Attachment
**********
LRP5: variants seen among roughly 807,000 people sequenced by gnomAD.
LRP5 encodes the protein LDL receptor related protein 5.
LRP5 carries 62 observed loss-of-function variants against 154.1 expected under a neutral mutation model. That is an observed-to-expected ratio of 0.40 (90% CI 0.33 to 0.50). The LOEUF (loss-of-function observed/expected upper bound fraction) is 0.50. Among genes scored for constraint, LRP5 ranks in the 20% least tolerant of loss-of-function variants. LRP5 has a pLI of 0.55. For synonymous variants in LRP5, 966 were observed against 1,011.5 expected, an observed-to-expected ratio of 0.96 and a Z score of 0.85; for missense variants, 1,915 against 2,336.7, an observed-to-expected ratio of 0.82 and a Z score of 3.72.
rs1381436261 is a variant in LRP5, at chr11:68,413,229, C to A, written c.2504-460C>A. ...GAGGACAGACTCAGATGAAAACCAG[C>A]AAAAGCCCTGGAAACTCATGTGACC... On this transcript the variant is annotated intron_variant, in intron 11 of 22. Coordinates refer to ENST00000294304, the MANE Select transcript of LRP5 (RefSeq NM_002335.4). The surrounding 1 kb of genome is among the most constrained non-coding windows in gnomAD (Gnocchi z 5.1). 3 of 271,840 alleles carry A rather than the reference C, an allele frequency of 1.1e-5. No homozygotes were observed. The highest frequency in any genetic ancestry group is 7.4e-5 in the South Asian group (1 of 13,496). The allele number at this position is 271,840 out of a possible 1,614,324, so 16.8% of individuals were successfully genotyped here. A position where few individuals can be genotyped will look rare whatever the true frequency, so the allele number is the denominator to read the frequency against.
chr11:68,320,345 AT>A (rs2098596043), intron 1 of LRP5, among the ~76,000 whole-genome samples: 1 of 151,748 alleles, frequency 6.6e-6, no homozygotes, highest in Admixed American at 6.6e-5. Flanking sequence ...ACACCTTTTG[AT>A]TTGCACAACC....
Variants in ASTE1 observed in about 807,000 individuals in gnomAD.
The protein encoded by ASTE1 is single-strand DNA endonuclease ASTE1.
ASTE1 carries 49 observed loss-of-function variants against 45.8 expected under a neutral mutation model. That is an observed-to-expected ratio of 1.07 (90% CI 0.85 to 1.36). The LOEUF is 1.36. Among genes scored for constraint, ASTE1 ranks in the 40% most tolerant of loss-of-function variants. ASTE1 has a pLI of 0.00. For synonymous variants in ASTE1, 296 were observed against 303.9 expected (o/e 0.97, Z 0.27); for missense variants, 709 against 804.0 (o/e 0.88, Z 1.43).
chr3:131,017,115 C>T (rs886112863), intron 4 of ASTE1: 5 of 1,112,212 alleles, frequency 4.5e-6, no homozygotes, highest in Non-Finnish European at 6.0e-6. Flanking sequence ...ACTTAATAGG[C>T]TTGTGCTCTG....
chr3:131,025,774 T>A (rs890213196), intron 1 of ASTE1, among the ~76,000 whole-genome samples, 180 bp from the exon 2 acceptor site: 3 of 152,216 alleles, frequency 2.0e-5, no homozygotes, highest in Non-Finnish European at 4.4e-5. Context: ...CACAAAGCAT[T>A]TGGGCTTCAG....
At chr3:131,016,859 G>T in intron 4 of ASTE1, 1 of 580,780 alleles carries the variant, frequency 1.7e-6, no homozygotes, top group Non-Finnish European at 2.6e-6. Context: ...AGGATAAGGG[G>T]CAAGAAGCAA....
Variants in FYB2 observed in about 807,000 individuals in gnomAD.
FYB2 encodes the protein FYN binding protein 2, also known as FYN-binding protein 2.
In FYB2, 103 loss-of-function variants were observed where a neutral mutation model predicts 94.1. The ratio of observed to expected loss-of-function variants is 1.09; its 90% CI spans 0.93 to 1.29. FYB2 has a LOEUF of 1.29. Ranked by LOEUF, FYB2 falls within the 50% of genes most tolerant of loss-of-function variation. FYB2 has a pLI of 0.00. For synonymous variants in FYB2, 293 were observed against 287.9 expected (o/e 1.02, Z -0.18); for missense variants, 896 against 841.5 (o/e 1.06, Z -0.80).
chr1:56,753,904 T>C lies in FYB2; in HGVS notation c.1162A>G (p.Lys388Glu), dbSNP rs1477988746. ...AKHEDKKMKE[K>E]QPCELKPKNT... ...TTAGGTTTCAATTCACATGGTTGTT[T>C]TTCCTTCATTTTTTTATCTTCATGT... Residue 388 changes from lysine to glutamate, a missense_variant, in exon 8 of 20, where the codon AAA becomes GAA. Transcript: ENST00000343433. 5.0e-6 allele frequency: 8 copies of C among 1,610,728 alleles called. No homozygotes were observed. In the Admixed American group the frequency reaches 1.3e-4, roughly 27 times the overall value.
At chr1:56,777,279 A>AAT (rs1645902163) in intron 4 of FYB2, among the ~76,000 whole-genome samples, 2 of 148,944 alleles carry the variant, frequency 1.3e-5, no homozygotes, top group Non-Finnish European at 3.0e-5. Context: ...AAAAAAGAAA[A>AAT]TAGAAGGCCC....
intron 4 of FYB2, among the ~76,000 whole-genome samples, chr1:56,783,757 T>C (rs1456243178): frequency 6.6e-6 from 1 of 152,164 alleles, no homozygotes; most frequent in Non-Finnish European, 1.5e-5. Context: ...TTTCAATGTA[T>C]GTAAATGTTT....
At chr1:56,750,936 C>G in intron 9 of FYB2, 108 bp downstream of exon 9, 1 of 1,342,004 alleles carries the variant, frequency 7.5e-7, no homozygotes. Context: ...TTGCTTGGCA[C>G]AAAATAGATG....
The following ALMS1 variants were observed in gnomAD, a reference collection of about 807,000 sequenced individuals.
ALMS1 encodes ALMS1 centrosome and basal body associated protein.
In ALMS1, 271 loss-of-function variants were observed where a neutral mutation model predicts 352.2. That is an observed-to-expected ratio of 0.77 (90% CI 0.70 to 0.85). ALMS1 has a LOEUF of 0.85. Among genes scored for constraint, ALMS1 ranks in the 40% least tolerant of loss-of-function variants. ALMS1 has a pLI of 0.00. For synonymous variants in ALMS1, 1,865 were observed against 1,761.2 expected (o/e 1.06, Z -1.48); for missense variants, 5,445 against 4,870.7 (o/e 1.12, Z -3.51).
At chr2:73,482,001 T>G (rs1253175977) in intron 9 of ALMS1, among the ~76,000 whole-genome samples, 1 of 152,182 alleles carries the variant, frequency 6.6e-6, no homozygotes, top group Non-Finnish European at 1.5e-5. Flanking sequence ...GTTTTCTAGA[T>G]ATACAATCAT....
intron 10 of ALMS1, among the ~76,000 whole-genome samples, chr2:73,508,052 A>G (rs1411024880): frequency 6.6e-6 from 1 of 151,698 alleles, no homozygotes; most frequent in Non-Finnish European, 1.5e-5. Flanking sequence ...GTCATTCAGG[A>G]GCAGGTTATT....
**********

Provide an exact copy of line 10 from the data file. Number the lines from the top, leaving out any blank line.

chr3:131,025,774 T>A (rs890213196), intron 1 of ASTE1, among the ~76,000 whole-genome samples, 180 bp from the exon 2 acceptor site: 3 of 152,216 alleles, frequency 2.0e-5, no homozygotes, highest in Non-Finnish European at 4.4e-5. Context: ...CACAAAGCAT[T>A]TGGGCTTCAG....